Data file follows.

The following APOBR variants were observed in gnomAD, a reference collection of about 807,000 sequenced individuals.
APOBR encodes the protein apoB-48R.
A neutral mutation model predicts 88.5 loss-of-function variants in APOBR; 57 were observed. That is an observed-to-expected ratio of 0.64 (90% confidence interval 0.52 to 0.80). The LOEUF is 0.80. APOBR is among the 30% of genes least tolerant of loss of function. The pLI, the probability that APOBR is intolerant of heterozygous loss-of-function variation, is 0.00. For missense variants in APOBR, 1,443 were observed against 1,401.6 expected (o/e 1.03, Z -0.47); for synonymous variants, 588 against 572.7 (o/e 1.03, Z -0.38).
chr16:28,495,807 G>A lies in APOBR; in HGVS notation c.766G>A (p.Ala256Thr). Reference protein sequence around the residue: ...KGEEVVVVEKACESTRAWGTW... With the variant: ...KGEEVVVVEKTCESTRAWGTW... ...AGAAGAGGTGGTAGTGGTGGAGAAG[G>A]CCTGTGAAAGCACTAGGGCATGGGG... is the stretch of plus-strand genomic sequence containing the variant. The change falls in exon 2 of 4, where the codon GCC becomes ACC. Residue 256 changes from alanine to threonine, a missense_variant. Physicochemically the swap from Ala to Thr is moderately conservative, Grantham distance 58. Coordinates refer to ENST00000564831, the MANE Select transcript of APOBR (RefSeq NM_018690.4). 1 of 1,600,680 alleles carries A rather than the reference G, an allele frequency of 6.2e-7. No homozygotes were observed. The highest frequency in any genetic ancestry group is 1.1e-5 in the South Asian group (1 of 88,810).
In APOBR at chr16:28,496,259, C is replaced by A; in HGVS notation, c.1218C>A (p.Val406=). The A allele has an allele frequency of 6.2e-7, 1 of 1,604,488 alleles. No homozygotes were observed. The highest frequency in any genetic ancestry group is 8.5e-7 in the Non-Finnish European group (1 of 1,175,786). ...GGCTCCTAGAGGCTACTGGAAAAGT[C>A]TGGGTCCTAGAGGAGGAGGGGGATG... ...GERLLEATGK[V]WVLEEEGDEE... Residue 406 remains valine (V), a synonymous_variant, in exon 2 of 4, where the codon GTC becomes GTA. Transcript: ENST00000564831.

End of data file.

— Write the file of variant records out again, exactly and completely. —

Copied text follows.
The following APOBR variants were observed in gnomAD, a reference collection of about 807,000 sequenced individuals.
APOBR encodes the protein apoB-48R.
A neutral mutation model predicts 88.5 loss-of-function variants in APOBR; 57 were observed. That is an observed-to-expected ratio of 0.64 (90% confidence interval 0.52 to 0.80). The LOEUF is 0.80. APOBR is among the 30% of genes least tolerant of loss of function. The pLI, the probability that APOBR is intolerant of heterozygous loss-of-function variation, is 0.00. For missense variants in APOBR, 1,443 were observed against 1,401.6 expected (o/e 1.03, Z -0.47); for synonymous variants, 588 against 572.7 (o/e 1.03, Z -0.38).
chr16:28,495,807 G>A lies in APOBR; in HGVS notation c.766G>A (p.Ala256Thr). Reference protein sequence around the residue: ...KGEEVVVVEKACESTRAWGTW... With the variant: ...KGEEVVVVEKTCESTRAWGTW... ...AGAAGAGGTGGTAGTGGTGGAGAAG[G>A]CCTGTGAAAGCACTAGGGCATGGGG... is the stretch of plus-strand genomic sequence containing the variant. The change falls in exon 2 of 4, where the codon GCC becomes ACC. Residue 256 changes from alanine to threonine, a missense_variant. Physicochemically the swap from Ala to Thr is moderately conservative, Grantham distance 58. Coordinates refer to ENST00000564831, the MANE Select transcript of APOBR (RefSeq NM_018690.4). 1 of 1,600,680 alleles carries A rather than the reference G, an allele frequency of 6.2e-7. No homozygotes were observed. The highest frequency in any genetic ancestry group is 1.1e-5 in the South Asian group (1 of 88,810).
In APOBR at chr16:28,496,259, C is replaced by A; in HGVS notation, c.1218C>A (p.Val406=). The A allele has an allele frequency of 6.2e-7, 1 of 1,604,488 alleles. No homozygotes were observed. The highest frequency in any genetic ancestry group is 8.5e-7 in the Non-Finnish European group (1 of 1,175,786). ...GGCTCCTAGAGGCTACTGGAAAAGT[C>A]TGGGTCCTAGAGGAGGAGGGGGATG... ...GERLLEATGK[V]WVLEEEGDEE... Residue 406 remains valine (V), a synonymous_variant, in exon 2 of 4, where the codon GTC becomes GTA. Transcript: ENST00000564831.